Hunter's Path to Success Already Outlined
Posted: February 11, 2013
If rubbing elbows with greatness is any determination of how successful one could be, then new Suns Head Coach Lindsey Hunter will be in very good shape.
In the NBA, the self-described “basketball junkie” played under such luminaries as Doug Collins, Larry Brown, Lenny Wilkens and Phil Jackson. But his brushes with greatness started long before then.
At Murrah High School in Jackson Mississippi, Hunter played for Orsmond Jordan Jr. In Jordan's storied career, he coached three McDonald’s All-Americans, eight future NBA players, won four state championships and even one national title before being named to the Mississippi Sports Hall of Fame in 2001.
Then it was on to Alcorn St. to play for Dave Whitney, a member of the National Collegiate Basketball Hall of Fame. Hunter later transferred to Jackson St. to play for Andy Stoglin, who was named the SWAC’s Coach of the Year three times in his career.
“I’ve always taken something from the guys I’ve played for,” Hunter said. “I share a lot of their philosophies and beliefs, and they’ve all been influential to me.”
As a 17-year veteran in the NBA, Hunter always felt like he was a coach on the floor. Now that he’s received his first head coaching opportunity with the Suns, Hunter plans on trying to combine the best of all of the coaching philosophies he’s heard over the years to create his style.
However, there was one coach’s approach that he identified with a little more than the others. That was Hall of Fame coach Larry Brown's.
“I loved how simplistic and detailed he was and how he made us do it the right way every time,” Hunter recalled. “I think that’s the essence of what we’re trying to do and how I like to see things done.”
When Hunter became a head coach, he knew he wanted his players to know exactly “what was going on” and what “we’re trying to do” as a team. Hunter believes that it’s that sort of transparency that glues together a locker room.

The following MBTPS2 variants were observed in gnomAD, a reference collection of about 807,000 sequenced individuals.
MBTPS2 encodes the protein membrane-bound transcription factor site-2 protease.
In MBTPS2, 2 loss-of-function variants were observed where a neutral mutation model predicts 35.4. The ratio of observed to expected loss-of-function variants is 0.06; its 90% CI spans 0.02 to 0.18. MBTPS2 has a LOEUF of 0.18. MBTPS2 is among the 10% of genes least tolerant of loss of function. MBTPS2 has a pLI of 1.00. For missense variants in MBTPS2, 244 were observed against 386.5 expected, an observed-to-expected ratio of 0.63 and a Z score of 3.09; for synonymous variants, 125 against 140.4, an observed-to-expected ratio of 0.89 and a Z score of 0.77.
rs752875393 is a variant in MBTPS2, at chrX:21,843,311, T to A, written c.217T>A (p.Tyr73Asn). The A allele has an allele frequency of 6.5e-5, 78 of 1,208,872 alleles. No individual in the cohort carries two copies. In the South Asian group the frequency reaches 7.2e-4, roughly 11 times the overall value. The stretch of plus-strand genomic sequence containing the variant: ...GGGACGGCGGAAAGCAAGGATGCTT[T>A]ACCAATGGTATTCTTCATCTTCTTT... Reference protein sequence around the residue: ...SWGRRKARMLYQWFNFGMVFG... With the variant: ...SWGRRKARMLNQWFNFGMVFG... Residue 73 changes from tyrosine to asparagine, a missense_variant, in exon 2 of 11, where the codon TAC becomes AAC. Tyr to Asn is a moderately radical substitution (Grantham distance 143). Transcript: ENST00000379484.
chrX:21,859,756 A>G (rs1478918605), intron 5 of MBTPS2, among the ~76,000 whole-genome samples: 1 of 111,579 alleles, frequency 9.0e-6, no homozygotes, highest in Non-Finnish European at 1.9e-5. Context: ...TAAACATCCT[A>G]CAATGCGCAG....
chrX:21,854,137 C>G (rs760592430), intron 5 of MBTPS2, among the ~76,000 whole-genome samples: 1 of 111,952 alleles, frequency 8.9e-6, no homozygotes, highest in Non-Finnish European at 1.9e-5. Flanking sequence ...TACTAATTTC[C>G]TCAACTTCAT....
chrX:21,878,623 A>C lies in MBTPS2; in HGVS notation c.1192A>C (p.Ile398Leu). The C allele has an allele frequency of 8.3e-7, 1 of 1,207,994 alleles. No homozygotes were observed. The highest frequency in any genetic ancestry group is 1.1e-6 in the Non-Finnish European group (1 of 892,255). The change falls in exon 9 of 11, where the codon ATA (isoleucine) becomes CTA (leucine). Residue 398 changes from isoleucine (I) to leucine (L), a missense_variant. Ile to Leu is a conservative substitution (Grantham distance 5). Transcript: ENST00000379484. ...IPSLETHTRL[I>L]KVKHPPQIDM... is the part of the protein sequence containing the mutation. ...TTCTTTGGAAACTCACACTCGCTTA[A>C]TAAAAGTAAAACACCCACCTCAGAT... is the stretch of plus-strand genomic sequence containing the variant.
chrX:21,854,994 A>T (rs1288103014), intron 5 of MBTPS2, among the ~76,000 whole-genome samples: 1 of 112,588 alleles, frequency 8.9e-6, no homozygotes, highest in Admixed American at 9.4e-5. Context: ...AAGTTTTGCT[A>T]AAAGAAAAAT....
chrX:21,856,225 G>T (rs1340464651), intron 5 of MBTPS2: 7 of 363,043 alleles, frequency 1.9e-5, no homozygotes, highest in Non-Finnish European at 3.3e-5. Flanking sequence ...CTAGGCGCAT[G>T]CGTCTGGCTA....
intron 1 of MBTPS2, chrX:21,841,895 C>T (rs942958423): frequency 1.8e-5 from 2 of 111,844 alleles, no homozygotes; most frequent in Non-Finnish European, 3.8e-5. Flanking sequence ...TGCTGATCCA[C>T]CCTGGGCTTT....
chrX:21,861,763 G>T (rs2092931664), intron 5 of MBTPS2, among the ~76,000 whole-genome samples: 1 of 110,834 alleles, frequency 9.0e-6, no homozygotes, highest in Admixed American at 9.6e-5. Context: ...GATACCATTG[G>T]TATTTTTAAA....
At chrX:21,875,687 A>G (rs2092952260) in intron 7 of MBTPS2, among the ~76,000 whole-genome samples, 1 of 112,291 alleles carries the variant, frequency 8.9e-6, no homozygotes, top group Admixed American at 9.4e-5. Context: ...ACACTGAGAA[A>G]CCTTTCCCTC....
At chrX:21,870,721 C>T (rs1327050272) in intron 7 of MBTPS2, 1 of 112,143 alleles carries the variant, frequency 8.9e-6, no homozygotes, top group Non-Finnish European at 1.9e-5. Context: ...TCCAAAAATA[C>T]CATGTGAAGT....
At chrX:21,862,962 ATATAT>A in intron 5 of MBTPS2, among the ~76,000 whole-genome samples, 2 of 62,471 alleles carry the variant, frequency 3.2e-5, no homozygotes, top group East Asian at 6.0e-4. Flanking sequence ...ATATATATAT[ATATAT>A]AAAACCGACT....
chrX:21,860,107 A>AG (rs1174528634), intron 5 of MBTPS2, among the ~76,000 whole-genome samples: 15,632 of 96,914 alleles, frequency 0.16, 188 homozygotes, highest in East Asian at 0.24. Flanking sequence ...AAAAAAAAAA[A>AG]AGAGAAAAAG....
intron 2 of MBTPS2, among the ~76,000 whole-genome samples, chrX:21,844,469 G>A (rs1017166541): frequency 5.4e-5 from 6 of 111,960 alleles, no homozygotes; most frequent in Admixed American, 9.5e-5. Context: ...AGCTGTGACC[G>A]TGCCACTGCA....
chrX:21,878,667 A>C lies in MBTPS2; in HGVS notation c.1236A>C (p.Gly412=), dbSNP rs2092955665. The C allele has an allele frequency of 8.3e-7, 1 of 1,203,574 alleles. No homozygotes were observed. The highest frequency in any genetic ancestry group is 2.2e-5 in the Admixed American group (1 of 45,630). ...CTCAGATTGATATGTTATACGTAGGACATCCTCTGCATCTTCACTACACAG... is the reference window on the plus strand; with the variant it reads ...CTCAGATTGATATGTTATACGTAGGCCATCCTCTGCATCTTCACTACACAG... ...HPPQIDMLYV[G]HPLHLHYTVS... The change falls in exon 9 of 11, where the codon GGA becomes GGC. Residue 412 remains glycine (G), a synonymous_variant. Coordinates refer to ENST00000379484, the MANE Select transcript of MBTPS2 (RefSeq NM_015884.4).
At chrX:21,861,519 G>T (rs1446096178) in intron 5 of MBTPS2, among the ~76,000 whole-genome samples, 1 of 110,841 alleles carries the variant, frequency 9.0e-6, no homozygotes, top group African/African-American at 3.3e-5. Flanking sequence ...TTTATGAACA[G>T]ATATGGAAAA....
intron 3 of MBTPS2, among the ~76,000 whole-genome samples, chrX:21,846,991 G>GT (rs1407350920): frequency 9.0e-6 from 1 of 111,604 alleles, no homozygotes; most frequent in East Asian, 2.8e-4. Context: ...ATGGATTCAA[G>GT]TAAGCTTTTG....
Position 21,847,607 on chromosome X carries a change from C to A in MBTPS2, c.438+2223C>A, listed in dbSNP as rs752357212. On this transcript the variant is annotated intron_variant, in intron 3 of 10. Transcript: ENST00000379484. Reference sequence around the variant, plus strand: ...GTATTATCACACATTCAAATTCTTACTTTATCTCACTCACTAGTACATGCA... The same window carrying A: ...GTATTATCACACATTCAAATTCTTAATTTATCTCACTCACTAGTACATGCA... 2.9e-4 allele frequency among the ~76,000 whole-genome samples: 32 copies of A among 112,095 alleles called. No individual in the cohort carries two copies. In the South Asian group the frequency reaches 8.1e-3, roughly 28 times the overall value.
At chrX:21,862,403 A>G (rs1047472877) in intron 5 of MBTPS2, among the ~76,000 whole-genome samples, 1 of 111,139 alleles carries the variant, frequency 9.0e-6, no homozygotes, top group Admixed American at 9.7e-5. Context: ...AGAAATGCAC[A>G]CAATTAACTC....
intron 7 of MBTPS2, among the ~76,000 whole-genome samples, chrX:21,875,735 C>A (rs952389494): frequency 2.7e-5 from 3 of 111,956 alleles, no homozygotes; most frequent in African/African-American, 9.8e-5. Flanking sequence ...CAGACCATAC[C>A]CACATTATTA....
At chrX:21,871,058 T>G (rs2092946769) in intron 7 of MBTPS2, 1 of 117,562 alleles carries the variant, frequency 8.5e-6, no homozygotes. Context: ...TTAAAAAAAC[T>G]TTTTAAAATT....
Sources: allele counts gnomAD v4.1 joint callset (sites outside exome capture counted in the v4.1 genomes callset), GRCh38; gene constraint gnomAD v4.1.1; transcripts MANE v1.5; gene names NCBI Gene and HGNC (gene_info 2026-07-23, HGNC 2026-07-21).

“With as many players as there are, everybody can’t be happy,” Hunter said. “But if you’re honest with them and you just tell them the truth, I think that goes a long way.”
Hunter remembers Brown being like that. Whether a player was the go-to guy or the 15th man on the roster, Brown coached everyone.
“I loved that about him and I think guys respected that about him,” the Suns’ first-year coach said. “That’s one thing that I always said that I would do. I would coach everybody.”
Finally, having inherited a team in transition, Hunter is adopting Brown’s philosophy of simplifying his messaging.
“You could focus on being a genius and do a million things out here, but if it doesn’t work, it doesn’t work," Hunter said. “You can be simple and direct and really clean your stuff up to make it functional and you can be great. And I think that’s what Larry was the epitome of.”
Since becoming a head coach, Hunter has expected most of the changes that has come with the position. The only aspect that he overlooked was the amount of media responsibilities that he's had to assume.
And if he plans on following in the footsteps of the men he’s adopted his philosophies from, then he can be sure that those responsibilities are only going to grow.
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